At a minimum, a join table would have the primary keys of the two tables it's connecting as foreign keys. For example, if you're joining Estimates and Products, you might have EstimateID and ProductID.
Beyond that, you would have additional fields as needed for the particular business flow. For example, you might choose to have a primary key for the join table record itself (e.g., EstimateProductJoinID). Some developers do this to make it easier to script locating a specific record in the join table during scripting; others simply use the combination of the two keys from the parent tables. Mostly a personal choice.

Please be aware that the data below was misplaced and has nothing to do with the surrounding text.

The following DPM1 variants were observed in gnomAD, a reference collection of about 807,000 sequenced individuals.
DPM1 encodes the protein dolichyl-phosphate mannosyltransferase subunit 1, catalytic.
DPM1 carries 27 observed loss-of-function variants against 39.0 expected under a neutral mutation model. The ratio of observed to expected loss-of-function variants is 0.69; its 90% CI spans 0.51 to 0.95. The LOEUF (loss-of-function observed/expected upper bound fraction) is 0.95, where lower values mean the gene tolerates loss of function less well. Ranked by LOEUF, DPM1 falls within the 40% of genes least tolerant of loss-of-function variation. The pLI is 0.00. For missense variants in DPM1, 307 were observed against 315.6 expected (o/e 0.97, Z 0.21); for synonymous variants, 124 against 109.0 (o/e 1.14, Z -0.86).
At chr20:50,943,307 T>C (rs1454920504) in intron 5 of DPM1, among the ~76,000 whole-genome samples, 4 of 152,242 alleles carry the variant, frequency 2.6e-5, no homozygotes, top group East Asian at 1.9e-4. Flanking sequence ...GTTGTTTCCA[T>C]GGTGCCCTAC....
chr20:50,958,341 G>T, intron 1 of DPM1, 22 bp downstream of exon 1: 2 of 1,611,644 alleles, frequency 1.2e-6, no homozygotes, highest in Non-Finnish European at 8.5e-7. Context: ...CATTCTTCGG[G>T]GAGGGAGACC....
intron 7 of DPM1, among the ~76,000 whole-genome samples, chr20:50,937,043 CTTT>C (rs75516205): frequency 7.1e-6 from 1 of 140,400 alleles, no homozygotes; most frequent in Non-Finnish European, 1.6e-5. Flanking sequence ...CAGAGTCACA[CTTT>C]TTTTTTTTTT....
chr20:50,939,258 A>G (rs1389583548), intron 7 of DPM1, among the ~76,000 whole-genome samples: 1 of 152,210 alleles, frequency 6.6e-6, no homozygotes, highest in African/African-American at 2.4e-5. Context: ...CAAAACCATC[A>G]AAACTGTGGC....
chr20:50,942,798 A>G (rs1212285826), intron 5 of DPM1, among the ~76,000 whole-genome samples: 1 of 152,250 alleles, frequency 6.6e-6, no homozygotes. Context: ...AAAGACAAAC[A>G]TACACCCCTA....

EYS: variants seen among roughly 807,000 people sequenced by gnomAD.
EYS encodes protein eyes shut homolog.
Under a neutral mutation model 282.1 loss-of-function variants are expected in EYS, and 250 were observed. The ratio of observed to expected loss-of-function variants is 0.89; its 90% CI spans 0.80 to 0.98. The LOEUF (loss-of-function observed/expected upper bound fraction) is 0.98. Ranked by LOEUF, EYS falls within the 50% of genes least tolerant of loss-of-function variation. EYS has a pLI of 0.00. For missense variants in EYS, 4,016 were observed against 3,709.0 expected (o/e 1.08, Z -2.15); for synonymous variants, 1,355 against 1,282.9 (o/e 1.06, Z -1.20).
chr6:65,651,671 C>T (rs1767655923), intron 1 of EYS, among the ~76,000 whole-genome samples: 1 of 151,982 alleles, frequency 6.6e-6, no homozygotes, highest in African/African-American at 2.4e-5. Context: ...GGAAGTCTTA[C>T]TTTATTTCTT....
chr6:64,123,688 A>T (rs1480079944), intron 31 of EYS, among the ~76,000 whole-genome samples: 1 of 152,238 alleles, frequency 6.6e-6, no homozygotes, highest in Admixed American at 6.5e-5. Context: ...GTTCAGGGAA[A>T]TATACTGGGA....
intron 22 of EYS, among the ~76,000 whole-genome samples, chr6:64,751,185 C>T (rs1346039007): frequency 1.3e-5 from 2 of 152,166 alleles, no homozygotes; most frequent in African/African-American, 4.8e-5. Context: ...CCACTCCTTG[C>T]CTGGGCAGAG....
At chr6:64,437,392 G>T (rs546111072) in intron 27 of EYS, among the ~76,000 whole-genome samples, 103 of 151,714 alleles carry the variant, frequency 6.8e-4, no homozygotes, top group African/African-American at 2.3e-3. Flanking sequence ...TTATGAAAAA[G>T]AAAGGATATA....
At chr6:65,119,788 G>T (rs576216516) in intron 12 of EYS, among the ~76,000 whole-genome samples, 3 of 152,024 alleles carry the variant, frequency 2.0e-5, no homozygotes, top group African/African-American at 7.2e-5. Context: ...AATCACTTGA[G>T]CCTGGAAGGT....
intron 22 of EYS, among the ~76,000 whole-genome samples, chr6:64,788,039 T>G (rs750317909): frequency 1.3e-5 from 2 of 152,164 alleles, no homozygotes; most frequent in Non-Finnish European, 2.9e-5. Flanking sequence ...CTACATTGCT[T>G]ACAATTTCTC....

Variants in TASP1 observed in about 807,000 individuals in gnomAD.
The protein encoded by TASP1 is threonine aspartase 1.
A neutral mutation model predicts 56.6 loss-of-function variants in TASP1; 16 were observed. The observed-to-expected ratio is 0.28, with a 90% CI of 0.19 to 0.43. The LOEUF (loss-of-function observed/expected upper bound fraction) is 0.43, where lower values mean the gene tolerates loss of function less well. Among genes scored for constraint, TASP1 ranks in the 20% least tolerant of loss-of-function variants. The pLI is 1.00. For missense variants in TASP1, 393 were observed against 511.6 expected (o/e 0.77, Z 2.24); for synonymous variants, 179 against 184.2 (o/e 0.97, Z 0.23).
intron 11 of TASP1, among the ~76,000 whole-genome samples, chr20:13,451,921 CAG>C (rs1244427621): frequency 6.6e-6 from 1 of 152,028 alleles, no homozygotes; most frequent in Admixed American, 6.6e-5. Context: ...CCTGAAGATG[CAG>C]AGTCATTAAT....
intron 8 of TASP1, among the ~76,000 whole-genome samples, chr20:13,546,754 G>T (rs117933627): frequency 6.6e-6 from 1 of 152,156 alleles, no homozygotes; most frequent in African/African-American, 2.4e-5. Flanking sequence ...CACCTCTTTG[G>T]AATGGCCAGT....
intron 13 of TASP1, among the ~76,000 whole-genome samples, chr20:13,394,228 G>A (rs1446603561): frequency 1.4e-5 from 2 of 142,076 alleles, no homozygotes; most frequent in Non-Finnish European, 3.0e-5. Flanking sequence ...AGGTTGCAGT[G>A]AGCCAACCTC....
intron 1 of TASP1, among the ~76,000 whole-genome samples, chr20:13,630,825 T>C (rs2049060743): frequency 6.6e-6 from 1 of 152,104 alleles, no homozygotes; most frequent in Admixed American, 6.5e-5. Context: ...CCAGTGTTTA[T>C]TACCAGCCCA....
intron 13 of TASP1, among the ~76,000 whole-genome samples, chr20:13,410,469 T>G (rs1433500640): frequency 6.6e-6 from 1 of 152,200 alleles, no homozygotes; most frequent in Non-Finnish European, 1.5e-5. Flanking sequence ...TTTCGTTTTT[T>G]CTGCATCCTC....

Other possibilities include anything that is unique to the join table record. Perhaps the join table record connecting an estimate and a product is a line item (because the connection between the estimate and the product represents one line of the estimate)? If so, it might have a unit price. That would go into the join table. Additional possibiities might be quantity, line total (which might be a calculation), discount, description, and so forth.
Basically, think in terms of what each record in the join table represents (i.e., what entity is it?). That will guide you towards what fields belong there. It's a data modeling question more than a mechanical one. (Go through the exercises in the Data Modeling chapter of the Advanced FTS to get a handle on the concepts.)
Thank you Mike
I progressed to the DATA/Relationships in the Advanced Training.
I'll do my best now
This is is tough, complete new level of thinking to me.
Good! New makes the brain grow!